Wednesday, September 17, 2008

It's Like This....

Kristina Chew at Autism Vox shares several poems by author and autism mom, Barbara Crooker. One of her most recent poems in the book Line Dance, entitled Simile, reminds me of one of Reid's all time favorite board books, Quick as a Cricket. It is one of a scant hundred we are scheming to present to Little Guy Wood, Carla's baby boy arriving in December. The catch is, Reid still loves them so much he absconds with the new copies as fast as I can hide or wrap them. He is futiley trying to convince me to give his ripped, stained, and cherished original copies to the baby, who "can't read yet anyway." He's got a point. There are worse obsessions!

Anyway, Audrey Wood's classic was one we used to build an emotional vocabulary of adjectives when Reid was younger. He still fancies the metaphors and visual imagery that depict moods including, "shy as a snail," "large as a whale," and "tame as a poodle." Have you seen the PowerPoint image Temple Grandin uses to convey her childhood sensory experience with toilet paper? Scratchy as sandpaper. I couldn't find it online but here is a similar representation. Similes are quite effective. Barbara Crooker's son coined the phrase, "mad as a tea kettle" which is vividly descriptive despite his teacher's redlining it.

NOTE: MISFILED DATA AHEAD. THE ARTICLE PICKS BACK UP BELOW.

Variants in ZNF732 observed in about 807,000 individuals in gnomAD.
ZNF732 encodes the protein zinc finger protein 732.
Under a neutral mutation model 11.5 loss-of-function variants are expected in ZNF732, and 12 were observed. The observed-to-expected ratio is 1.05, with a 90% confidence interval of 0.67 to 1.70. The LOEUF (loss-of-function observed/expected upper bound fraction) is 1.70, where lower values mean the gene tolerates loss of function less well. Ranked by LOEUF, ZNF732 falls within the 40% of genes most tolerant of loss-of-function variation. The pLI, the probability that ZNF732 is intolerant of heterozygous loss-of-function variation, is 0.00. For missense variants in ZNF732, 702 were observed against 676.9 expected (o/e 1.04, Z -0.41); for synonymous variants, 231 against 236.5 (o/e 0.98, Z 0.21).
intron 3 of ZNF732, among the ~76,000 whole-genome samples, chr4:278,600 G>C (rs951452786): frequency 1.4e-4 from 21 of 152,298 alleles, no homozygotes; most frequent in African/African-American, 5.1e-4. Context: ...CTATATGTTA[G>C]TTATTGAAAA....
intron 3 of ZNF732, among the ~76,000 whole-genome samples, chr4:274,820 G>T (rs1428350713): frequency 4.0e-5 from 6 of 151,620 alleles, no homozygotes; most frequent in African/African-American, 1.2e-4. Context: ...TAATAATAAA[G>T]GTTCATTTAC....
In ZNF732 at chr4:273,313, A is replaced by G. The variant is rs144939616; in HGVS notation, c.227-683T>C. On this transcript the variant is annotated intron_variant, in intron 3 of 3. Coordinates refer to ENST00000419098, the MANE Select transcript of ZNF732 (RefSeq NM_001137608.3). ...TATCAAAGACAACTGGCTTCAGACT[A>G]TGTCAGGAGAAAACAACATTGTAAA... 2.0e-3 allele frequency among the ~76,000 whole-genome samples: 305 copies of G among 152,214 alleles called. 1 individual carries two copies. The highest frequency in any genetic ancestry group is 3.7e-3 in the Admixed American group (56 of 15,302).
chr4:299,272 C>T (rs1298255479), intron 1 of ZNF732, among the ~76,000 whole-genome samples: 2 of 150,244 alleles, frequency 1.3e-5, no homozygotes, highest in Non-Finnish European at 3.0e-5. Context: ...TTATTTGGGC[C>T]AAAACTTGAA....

My son showed me his paper from remedial
English; he was supposed to fill in the blanks.
Cool as a __________.

Smooth as a __________. Neat as a _____.

He came up with: angry as a teakettle

and when I asked, “Why?” said,
“Because it was boiling mad.” Of course,
it was marked wrong, one more red mark
in his life’s long test.

When I called from Virginia to ask him

what he did last weekend,
he said, “We bought Italian salad dressing.”

Last fall we went to a Broadway
play; what he liked the most
were traffic lights and Don’t Walk signs.

Of, my little pork chop, my sweet potato,
my tender tot. You have made me pay attention
to the world’s smallest minutia. My pea-shaped heart,
red as a stop sign, fills with
the helium of tenderness, thinks it might burst.

from Line Dance (Word Press 2008) by Barbara Crooker

God's Word is full of similes. Spiritual concepts are the hardest ones for us to grasp whether we are autistic or neuro-typical or gifted. Scripture comes the closest to conveying the abstractions of God, His heaven, and His immense love for us since it is, in itself, God-breathed through the Holy Spirit exclusively for our limited, finite, and human understanding. The Lord has done His part by putting it into our language and our individual learning style with factual accounts, visuals, parables, timelines, and even poetry.

Let my teaching fall like rain and my words descend like dew, like showers on new grass, like abundant rain on tender plants. Deuteronomy 32:1-3

Man is like a breath; his days are like a fleeting shadow. Psalm 144:3-5

For a thousand years in your sight are like a day that has just gone by, or like a watch in the night. Psalm 90:3-5

A word aptly spoken is like apples of gold in settings of silver.
Proverbs 25:10-12

A quarrelsome wife is like a constant dripping on a rainy day
Proverbs 27:14-16

For the word of God is living and active. Sharper than any double-edged sword, it penetrates even to dividing soul and spirit, joints and marrow; it judges the thoughts and attitudes of the heart. Hebrews 4:11-13

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